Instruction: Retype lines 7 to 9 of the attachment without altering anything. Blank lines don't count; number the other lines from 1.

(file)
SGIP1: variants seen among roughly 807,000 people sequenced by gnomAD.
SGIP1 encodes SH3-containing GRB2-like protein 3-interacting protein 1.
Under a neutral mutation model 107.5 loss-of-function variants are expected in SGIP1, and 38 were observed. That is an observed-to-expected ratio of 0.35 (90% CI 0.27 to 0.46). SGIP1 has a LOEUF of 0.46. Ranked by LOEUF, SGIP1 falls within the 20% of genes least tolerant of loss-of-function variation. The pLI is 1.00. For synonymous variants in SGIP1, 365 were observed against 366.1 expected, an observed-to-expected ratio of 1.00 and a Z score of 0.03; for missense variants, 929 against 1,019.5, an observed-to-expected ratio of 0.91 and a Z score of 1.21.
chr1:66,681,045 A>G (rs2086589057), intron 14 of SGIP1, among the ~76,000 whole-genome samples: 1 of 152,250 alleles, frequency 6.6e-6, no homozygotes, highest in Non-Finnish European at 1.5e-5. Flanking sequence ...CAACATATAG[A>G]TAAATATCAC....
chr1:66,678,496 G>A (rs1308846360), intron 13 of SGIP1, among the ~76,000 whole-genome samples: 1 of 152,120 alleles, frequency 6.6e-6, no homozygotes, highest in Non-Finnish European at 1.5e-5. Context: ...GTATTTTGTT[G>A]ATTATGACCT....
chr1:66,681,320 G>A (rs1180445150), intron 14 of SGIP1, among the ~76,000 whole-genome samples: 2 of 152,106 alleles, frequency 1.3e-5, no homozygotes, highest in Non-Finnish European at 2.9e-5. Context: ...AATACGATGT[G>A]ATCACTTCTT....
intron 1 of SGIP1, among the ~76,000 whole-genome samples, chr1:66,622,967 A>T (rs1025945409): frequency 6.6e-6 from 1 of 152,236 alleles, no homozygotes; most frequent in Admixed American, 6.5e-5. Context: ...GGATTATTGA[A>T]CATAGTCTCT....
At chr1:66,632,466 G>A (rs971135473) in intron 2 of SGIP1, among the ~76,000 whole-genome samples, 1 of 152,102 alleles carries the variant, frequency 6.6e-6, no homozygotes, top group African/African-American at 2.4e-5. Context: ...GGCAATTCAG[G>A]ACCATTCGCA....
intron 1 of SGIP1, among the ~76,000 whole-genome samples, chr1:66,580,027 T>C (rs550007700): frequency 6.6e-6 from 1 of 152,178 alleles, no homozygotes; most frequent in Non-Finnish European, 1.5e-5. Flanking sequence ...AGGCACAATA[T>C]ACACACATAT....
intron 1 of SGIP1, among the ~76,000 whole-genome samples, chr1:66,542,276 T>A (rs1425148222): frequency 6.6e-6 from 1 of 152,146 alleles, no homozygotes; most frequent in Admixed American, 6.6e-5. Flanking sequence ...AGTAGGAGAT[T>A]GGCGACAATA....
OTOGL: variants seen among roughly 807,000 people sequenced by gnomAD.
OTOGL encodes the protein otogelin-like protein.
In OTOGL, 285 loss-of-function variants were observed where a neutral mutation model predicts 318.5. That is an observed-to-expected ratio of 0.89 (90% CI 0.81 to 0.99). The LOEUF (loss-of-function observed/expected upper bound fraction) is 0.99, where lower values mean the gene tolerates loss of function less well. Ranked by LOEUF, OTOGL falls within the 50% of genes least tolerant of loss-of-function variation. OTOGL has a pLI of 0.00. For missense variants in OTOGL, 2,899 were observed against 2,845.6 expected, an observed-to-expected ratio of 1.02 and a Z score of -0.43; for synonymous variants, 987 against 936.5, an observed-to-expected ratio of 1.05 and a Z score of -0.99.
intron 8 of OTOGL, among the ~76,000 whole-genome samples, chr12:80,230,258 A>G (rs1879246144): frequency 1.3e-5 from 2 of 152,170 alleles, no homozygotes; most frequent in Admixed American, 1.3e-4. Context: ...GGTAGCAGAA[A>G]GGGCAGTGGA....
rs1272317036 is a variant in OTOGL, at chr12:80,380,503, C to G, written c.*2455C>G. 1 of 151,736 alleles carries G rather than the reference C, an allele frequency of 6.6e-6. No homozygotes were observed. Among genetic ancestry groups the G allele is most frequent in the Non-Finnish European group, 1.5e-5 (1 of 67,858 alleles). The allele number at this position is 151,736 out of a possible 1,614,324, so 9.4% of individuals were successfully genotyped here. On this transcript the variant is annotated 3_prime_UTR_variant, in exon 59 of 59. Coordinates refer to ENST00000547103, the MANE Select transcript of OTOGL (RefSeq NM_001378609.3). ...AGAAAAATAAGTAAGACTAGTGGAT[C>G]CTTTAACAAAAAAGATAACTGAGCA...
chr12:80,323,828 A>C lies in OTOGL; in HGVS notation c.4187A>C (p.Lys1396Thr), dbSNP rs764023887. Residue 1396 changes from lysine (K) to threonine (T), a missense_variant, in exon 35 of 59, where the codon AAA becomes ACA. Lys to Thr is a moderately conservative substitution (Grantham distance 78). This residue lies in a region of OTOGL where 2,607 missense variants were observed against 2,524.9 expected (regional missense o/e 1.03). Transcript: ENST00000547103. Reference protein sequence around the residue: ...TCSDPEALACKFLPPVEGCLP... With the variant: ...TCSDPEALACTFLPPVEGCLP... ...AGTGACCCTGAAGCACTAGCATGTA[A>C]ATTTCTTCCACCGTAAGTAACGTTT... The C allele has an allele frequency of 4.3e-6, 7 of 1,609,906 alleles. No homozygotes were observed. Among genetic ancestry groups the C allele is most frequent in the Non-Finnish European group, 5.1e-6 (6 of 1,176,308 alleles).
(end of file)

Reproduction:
intron 1 of SGIP1, among the ~76,000 whole-genome samples, chr1:66,622,967 A>T (rs1025945409): frequency 6.6e-6 from 1 of 152,236 alleles, no homozygotes; most frequent in Admixed American, 6.5e-5. Context: ...GGATTATTGA[A>T]CATAGTCTCT....
At chr1:66,632,466 G>A (rs971135473) in intron 2 of SGIP1, among the ~76,000 whole-genome samples, 1 of 152,102 alleles carries the variant, frequency 6.6e-6, no homozygotes, top group African/African-American at 2.4e-5. Context: ...GGCAATTCAG[G>A]ACCATTCGCA....
intron 1 of SGIP1, among the ~76,000 whole-genome samples, chr1:66,580,027 T>C (rs550007700): frequency 6.6e-6 from 1 of 152,178 alleles, no homozygotes; most frequent in Non-Finnish European, 1.5e-5. Flanking sequence ...AGGCACAATA[T>C]ACACACATAT....